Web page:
Sexual Assault II: Sexual Assault II is defined as any act of non-consensual sexual contact (however slight) with another UMBC community member without consent. Non-consensual sexual contact means any intentional touching of the intimate body parts of another person, causing another person to touch someone’s intimate body parts, or disrobing or exposure of another person without consent. Intimate body parts may include genitalia, groin, breast, buttocks, or clothing covering them, or any other body part that is touched in a sexual manner. Non-consensual sexual contact also includes attempted non-consensual sexual intercourse.

Steps to Reporting a Case
  1. Listen compassionately to the survivor– coming forward to report an incident is very difficult.
  2. Complete the following and deliver to VAV program within 24 hours of talking with survivor (all forms available at
    • Incident Report Form
    • Staff/Faculty Member checklist
  3. Provide resource list to survivor.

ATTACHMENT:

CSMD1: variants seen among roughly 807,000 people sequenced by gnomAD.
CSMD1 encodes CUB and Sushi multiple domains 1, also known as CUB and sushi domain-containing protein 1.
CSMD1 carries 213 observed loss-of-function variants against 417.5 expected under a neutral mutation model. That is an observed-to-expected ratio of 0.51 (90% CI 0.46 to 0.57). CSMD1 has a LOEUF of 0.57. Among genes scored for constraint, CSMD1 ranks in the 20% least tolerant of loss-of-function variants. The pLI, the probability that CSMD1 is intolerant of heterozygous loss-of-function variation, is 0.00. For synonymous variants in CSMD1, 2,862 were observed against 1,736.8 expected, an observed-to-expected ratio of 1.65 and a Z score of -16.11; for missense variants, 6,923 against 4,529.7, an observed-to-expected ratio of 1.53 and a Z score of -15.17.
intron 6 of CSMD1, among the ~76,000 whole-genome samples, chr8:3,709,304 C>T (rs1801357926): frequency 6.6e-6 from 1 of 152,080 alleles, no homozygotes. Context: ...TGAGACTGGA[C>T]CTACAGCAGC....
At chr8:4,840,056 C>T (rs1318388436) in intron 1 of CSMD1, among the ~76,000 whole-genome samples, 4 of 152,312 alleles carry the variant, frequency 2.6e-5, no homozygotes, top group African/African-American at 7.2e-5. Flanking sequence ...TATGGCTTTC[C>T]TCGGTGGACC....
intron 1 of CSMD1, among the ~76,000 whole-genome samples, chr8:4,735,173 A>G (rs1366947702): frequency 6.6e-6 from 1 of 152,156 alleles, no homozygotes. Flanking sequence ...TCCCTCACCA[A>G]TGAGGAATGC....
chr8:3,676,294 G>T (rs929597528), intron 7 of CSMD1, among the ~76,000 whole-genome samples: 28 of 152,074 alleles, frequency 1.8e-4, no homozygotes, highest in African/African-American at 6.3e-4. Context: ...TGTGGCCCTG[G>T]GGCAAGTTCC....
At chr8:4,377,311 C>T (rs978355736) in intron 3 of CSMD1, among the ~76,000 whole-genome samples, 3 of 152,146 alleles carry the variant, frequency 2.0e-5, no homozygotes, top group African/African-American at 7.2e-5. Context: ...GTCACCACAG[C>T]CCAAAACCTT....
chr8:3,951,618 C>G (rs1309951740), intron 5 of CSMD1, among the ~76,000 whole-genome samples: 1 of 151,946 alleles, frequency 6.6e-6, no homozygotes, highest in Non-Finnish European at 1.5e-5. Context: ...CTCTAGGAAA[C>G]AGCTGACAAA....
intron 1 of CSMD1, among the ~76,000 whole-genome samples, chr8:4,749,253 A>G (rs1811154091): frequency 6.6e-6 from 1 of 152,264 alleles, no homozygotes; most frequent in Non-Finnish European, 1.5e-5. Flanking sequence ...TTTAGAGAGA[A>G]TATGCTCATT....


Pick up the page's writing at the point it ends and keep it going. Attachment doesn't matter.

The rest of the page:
4. Inform survivor that the VAV Program will be contacting her/him to arrange a meeting. The sole purpose is to explain resources in greater detail and to provide the survivor with support through any sort of judicial, medical, or other processes she/he chooses to pursue.
    • If the survivor needs to speak to someone from the VAV program immediately, call or walk-in to University Health Services at 410-455- 2542 during normal business hours.
    • If there is an imminent threat to a person or the campus, call campus police at 410-455-5555.
When reporting a case…
  • Include as much information as you can about the incident and assailant.
  • Remain calm. It is common for you to feel shock and rage, but expressing these emotions to the survivor/victim may cause more trauma.
  • Encourage, but do not force, SAFE exam and medical attention.
    • SAFE exams are provided at GBMC, Mercy, and Howard County Hospitals. VAV Program can arrange transportation and a support person if needed. The SAFE exam can help provide evidence should the survivor decide to prosecute.
    • Medical exams are provided at UHS for free or can be sought at the emergency room or from a private physician; this is important because there may be internal injuries that are not apparent.
  • If at any point you feel there is an imminent threat to the campus, immediately call campus police at 410-455-5555. You do not necessarily have to provide a survivor’s name.
  • If the survivor is having suicidal ideations, arrange for them to go to the emergency room. Do not let them leave alone.